Table 1.

DNA sequence classification.

Examples of Functional DNA SequencesExamples of Nonfunctional DNA Sequences
Protein coding sequences
RNA genes
Noncoding sequences:
Promoters
Other regulatory regionsa 
Noncoding sequences:
Some 5′ UTR, 3′ UTR, intronic, and intergenic regions
Pseudogenes 
Examples of Functional DNA SequencesExamples of Nonfunctional DNA Sequences
Protein coding sequences
RNA genes
Noncoding sequences:
Promoters
Other regulatory regionsa 
Noncoding sequences:
Some 5′ UTR, 3′ UTR, intronic, and intergenic regions
Pseudogenes 
a

Regulatory regions may be located in noncoding sequences such as introns, 5′ and 3′ UTRs, and intergenic regions.

The Dynamic Nature of the Genome

Data from sequencing projects also revealed that genomes are dynamic (Platzer, 2006). Mutations (changes in DNA sequences) occur spontaneously as a result of DNA replication error and recombination events. They may also be induced by physical agents such as ultraviolet radiation, chemical agents such as polyaromatic hydrocarbons, or drugs such as doxorubicin. Although there are some regions of the genome that are frequently mutated (“hotspots”), mutations occur randomly in all regions of the genome. They appear throughout the genome as substitutions, insertions, deletions, and rearrangements. Therefore, as DNA is passed from one generation to the next, the genome accumulates variability.

The degree of variability observed after many generations is not the same in nonfunctional and functional regions. Nonfunctional regions are characterized by highly variable sequences. By contrast, functional regions such as those that encode important proteins are remarkably similar or conserved. The tendency for functional sequences to be conserved, while nonfunctional sequences accumulate variability, can be understood by considering the effect of natural selection.

The Effect of Selection on the Genome

Because mutations that occur in gametes are inherited by offspring, they provide a continuous source of variation for future generations. Mutations may be classified as neutral, harmful, or beneficial, based on the effect they have on an organism’s ability to survive and reproduce.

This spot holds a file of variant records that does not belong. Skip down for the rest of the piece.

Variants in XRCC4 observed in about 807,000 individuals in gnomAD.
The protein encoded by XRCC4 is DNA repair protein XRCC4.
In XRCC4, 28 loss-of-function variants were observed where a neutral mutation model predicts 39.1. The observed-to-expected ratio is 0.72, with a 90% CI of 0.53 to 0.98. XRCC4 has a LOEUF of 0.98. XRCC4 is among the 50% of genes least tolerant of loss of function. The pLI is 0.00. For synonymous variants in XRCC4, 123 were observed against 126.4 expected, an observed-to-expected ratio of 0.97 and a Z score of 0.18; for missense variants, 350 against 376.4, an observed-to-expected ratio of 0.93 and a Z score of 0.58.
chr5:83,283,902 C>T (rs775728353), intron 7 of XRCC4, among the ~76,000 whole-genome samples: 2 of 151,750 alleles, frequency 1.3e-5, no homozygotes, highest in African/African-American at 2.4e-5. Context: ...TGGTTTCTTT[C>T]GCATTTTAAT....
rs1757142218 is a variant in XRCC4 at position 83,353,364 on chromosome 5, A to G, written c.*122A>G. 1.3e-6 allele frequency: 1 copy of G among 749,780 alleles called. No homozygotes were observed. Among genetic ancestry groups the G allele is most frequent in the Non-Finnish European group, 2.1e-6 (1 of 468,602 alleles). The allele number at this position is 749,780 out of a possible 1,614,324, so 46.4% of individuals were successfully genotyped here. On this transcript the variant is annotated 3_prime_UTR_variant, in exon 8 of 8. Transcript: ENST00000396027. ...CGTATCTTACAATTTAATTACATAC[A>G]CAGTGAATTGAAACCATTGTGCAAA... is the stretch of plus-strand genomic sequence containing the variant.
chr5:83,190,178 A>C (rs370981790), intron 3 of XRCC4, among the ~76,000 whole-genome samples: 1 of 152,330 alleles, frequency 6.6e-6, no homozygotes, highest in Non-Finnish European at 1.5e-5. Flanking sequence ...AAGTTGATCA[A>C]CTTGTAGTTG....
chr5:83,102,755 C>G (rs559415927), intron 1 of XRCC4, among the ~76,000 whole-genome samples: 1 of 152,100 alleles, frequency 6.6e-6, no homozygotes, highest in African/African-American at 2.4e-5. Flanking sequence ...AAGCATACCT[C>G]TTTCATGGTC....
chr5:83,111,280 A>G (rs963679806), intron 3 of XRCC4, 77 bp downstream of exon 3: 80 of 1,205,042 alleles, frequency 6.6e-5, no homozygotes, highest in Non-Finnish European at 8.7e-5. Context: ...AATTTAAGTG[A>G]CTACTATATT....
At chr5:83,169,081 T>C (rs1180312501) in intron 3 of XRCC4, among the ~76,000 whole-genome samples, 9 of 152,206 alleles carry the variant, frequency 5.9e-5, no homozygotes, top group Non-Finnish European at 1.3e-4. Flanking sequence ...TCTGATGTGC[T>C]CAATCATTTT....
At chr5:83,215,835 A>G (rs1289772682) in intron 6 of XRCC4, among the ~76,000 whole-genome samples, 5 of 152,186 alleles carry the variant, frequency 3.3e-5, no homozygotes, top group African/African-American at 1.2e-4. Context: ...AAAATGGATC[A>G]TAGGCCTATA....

Mutations can have at least four possible types of effect on genome variability over many generations. First, any mutations in nonfunctional regions can be classified as “neutral” because they have no effect on the organism’s phenotype. These mutations will be perpetuated in offspring because there is no disadvantage to the organism that carries them. In successive generations, mutations will accumulate in these regions because they are free from the constraint of selection. Therefore, these genomic regions exhibit high variability compared with other regions.

Second, mutations that occur in functional regions may also be classified as neutral if the changes do not affect the organism’s phenotype. Examples of neutral mutations in functional regions are DNA substitutions that do not change the amino acid incorporated into a protein (a silent mutation) or DNA substitutions that change an amino acid to another with similar biochemical properties (a neutral mutation). As is the case with mutations in nonfunctional regions, neutral mutations in functional regions also accumulate over generations because there is no disadvantage to the organism that has these mutations. However, functional sequences will exhibit moderate to low variability compared with nonfunctional sequences because mutations in functional regions also have the potential to be harmful.

Third, as expected, harmful mutations in functional regions negatively influence the survivability of organisms. Fewer or no offspring may be produced, and these mutations will be found rarely, or not at all, in subsequent generations. So, harmful mutations may be “selected out” of the population and not observed in present-day genomes, even though the mutations occurred at some point in the past.

Fourth, beneficial mutations in functional regions confer an advantage to an organism. They positively influence survivability, which increases the production of offspring. These mutations will be inherited by offspring over multiple generations because it is unlikely that another random mutation will occur in the exact same location. Therefore, beneficial mutations tend to persist because survivability and reproduction are enhanced. In short, selection acts to remove harmful DNA sequences and retain neutral and beneficial sequences. Table 2 summarizes the effect that the mutation’s location and type have on the organism itself and on genome variability as a consequence of selection.

Table 2.

The effect of a mutation’s location and type on genome variability as a consequence of selection.

Mutation LocationMutation TypeEffect on OrganismEffect on Variability Observed in Genome
Nonfunctional DNA Neutral None Highly variable DNA sequences 
Functional DNA Neutral None Moderately variable DNA sequences 
Harmful Deleterious Rarely observed in genomes of surviving organisms 
Beneficial Advantageous Conserved DNA sequences 
Mutation LocationMutation TypeEffect on OrganismEffect on Variability Observed in Genome
Nonfunctional DNA Neutral None Highly variable DNA sequences 
Functional DNA Neutral None Moderately variable DNA sequences 
Harmful Deleterious Rarely observed in genomes of surviving organisms 
Beneficial Advantageous Conserved DNA sequences